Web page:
Stress can affect your rabbit in a variety of different ways, causing health issues and leading to excessive shedding or pulling of fur. Sometimes a companion rabbit may pull the other bunny’s fur out as a sign of dominance, boredom, or overgrooming.

5. Boredom

Rabbits are intelligent creatures, and they require physical as well as mental stimulation. When this isn’t provided, they can groom themselves excessively. Simply put, excessive grooming leads to their fur falling out, which can be interpreted as excessive shedding. They may even be seen pulling out their fur (or their cage mate’s fur).

Boredom can also lead to stress, which is another cause of excessive shedding.

person brushing a shedding rabbit
Image Credit: Irina Skalskaya, Shutterstock

6. Improper Grooming

Many rabbit breeds must be groomed regularly to remove excess fur. If you don’t brush your rabbit enough, they can shed all over their hutch and your home. If the fur isn’t brushed properly, the hair just accumulates.

While having rabbit fur all over your home is probably the last thing you want, it can also lead to digestive issues. The excessive fur may be consumed by your rabbit when they groom themselves, leading to a range of digestive problems, including fur balls. Therefore, you should stick to a grooming routine that is appropriate for your rabbit’s breed.

7. Illness

Many health conditions may cause your rabbit to groom less, shed more, or even have patches of fur loss. Some of them are painful joint disease or arthritis, preventing them from grooming or reaching certain body parts, or even dental issues that may cause saliva staining, fur loss, and skin infection around the mouth or eyes. Urinary issues may lead to urine scalding around the urogenital area, sometimes with fur loss. All of these conditions require prompt veterinary care.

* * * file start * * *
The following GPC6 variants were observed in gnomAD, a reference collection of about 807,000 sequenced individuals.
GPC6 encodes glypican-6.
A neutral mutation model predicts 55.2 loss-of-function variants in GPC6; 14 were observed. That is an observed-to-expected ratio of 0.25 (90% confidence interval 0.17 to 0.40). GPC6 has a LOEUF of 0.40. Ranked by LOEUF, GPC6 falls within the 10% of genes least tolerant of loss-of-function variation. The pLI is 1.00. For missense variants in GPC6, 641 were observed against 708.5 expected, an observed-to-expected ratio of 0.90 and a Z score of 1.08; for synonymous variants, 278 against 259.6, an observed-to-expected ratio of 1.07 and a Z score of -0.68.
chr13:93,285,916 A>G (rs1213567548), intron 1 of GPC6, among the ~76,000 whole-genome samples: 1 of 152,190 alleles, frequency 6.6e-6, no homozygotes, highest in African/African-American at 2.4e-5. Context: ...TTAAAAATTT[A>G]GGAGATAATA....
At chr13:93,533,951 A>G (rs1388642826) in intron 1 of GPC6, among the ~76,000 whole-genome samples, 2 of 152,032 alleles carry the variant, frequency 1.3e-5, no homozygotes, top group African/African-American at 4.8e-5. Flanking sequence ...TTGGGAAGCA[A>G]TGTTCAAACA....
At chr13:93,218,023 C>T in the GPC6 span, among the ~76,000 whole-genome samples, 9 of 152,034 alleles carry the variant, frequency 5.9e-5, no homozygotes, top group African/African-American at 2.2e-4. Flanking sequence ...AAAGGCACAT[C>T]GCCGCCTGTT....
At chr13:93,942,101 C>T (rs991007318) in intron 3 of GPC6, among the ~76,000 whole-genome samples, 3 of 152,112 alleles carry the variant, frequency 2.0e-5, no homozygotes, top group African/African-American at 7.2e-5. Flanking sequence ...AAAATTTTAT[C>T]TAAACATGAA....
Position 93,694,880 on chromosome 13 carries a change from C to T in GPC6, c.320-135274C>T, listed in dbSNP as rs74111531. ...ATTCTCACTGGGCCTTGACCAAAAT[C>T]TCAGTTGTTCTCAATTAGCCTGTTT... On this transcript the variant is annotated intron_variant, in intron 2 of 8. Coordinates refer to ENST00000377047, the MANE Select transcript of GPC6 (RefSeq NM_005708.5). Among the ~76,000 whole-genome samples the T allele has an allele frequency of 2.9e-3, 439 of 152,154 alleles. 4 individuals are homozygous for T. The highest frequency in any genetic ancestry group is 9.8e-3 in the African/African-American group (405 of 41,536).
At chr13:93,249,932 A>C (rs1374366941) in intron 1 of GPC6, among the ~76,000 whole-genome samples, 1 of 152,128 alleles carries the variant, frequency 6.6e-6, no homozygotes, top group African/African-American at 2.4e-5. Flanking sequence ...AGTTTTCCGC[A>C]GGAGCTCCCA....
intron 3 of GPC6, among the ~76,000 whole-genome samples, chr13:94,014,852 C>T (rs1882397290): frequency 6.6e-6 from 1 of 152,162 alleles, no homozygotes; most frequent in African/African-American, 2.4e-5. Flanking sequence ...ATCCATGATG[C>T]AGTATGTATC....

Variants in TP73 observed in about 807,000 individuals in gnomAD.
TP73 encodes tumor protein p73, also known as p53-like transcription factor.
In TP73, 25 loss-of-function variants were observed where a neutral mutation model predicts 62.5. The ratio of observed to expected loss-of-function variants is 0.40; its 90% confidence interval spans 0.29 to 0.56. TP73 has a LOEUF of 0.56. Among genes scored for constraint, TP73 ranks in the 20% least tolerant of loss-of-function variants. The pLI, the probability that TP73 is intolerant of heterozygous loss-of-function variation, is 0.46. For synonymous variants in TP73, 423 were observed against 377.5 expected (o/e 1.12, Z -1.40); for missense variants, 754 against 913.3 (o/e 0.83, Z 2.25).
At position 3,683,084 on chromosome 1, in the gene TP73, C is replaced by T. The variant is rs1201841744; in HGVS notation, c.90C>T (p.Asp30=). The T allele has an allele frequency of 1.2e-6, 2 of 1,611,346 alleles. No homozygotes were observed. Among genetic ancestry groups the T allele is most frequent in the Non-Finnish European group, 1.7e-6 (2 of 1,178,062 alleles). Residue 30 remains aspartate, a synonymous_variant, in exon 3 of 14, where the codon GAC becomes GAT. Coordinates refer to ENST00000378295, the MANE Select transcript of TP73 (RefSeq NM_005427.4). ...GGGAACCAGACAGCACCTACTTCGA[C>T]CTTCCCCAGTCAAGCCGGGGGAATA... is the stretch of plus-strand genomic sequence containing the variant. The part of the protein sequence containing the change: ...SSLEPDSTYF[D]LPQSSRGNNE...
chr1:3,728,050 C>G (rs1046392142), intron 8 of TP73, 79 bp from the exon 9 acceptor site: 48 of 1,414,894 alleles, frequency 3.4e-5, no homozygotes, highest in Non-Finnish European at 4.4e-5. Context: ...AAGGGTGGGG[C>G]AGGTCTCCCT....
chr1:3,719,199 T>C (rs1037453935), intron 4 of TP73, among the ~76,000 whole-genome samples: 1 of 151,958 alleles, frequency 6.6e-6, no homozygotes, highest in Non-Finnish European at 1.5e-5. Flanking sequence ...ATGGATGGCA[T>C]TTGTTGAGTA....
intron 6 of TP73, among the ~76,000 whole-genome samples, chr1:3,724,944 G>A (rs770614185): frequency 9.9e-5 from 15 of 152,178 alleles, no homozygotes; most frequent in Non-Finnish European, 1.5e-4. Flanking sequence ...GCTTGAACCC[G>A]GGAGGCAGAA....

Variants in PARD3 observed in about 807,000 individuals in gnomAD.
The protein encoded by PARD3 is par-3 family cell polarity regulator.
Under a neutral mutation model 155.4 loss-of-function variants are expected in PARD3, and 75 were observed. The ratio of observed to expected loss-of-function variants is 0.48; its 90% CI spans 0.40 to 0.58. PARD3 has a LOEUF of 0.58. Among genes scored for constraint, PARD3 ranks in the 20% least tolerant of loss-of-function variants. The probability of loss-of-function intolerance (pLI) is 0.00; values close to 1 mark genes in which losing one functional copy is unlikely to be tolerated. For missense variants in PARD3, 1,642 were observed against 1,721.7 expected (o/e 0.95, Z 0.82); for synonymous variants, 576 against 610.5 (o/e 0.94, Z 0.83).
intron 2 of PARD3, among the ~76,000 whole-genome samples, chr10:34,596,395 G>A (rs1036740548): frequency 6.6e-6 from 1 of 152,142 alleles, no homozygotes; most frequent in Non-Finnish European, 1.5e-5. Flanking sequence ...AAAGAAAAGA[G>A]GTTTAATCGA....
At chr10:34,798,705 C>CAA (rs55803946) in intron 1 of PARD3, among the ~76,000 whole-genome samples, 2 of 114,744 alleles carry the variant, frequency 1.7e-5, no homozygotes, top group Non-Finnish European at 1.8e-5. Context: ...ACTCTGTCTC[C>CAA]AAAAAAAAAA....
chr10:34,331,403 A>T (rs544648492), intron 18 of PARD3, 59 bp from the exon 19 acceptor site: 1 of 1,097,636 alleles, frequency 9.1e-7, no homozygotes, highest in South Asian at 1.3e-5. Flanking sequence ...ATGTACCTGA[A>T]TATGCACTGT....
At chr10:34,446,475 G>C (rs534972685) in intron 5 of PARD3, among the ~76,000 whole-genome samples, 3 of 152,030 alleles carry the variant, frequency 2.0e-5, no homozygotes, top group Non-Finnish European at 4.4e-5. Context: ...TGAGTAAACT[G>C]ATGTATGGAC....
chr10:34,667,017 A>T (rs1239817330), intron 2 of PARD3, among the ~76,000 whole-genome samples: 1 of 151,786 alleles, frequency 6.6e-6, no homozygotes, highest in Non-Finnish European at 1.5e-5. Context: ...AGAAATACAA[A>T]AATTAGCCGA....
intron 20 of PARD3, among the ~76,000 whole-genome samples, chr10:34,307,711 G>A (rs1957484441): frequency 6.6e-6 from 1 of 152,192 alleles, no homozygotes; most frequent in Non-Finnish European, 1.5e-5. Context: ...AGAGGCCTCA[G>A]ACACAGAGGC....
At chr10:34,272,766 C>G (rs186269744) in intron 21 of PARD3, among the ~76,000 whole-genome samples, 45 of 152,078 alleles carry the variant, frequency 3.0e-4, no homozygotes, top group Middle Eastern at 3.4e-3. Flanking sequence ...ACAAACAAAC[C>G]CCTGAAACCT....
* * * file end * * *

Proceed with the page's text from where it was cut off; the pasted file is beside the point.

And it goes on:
Sick young rabbit with conjunctivitis and respiratory infection at a vet clinic
Image Credit: Anca Popa, Shutterstock

8. Skin Conditions

Any sort of skin condition will affect your rabbit’s fur, often making it fall out. When the skin isn’t healthy, the fur often isn’t, either. Mites, fleas, fungal skin infections, wounds, and skin tumors are some of the illnesses associated with fur loss.

These signs often include itching, inflammation, bald patches, malodor, discharge, and scabs. If you believe that your rabbit has a skin condition, taking them to the vet for treatment is the best option. These illnesses can make the rabbit more prone to secondary infections and similar complications.

9. Parasites

Parasites can also cause damage to the fur and skin underneath, leading to fragile fur, hair loss, and bald patches, often accompanied by itchiness. Scratching excessively may lead to skin irritation, crusts, scabs, or even skin wounds in some cases if scratching is getting out of control. 

Most common external parasites in rabbits include mites, fleas and lice, while in warmer months fly strike is a genuine concern. Speak to your vet if your bunny has skin issues or they may have parasites, and do not use over-the-counter cat or dog products, as these are not appropriate or safe for rabbits.

veterinarian doctor with small rabbit on hands on table in office
Image by: ElenaYakimova, Shutterstock



All rabbits shed and there isn’t anything you can do to make them quit shedding altogether. It’s a natural process that allows them to keep their coat healthy. However, there are plenty of reasons your rabbit may shed too much. Some of them may involve boredom, stress, anxiety, pain, or underlying health issues, and these should be checked out by the vet.

Featured Image Credit: Wanwajee Weeraphukdee, Shutterstock

Our vets

Want to talk to a vet online?

Whether you have concerns about your dog, cat, or other pet, trained vets have the answers!

Our vets